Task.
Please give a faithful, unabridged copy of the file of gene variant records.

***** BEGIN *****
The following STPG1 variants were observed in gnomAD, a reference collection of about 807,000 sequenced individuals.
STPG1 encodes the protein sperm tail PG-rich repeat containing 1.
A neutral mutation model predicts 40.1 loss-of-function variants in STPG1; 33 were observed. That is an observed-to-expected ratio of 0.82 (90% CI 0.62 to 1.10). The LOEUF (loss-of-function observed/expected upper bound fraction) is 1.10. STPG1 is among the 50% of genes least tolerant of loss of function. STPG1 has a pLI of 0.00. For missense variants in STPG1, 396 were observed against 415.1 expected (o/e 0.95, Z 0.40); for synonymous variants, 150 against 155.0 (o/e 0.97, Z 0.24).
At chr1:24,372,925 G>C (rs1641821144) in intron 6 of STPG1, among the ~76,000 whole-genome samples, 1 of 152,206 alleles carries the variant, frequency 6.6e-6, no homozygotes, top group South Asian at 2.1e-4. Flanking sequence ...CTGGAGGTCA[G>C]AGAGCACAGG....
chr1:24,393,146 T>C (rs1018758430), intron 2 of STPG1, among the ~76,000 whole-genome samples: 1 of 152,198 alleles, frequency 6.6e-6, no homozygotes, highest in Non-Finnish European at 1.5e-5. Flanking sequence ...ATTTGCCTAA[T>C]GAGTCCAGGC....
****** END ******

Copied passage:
The following STPG1 variants were observed in gnomAD, a reference collection of about 807,000 sequenced individuals.
STPG1 encodes the protein sperm tail PG-rich repeat containing 1.
A neutral mutation model predicts 40.1 loss-of-function variants in STPG1; 33 were observed. That is an observed-to-expected ratio of 0.82 (90% CI 0.62 to 1.10). The LOEUF (loss-of-function observed/expected upper bound fraction) is 1.10. STPG1 is among the 50% of genes least tolerant of loss of function. STPG1 has a pLI of 0.00. For missense variants in STPG1, 396 were observed against 415.1 expected (o/e 0.95, Z 0.40); for synonymous variants, 150 against 155.0 (o/e 0.97, Z 0.24).
At chr1:24,372,925 G>C (rs1641821144) in intron 6 of STPG1, among the ~76,000 whole-genome samples, 1 of 152,206 alleles carries the variant, frequency 6.6e-6, no homozygotes, top group South Asian at 2.1e-4. Flanking sequence ...CTGGAGGTCA[G>C]AGAGCACAGG....
chr1:24,393,146 T>C (rs1018758430), intron 2 of STPG1, among the ~76,000 whole-genome samples: 1 of 152,198 alleles, frequency 6.6e-6, no homozygotes, highest in Non-Finnish European at 1.5e-5. Flanking sequence ...ATTTGCCTAA[T>C]GAGTCCAGGC....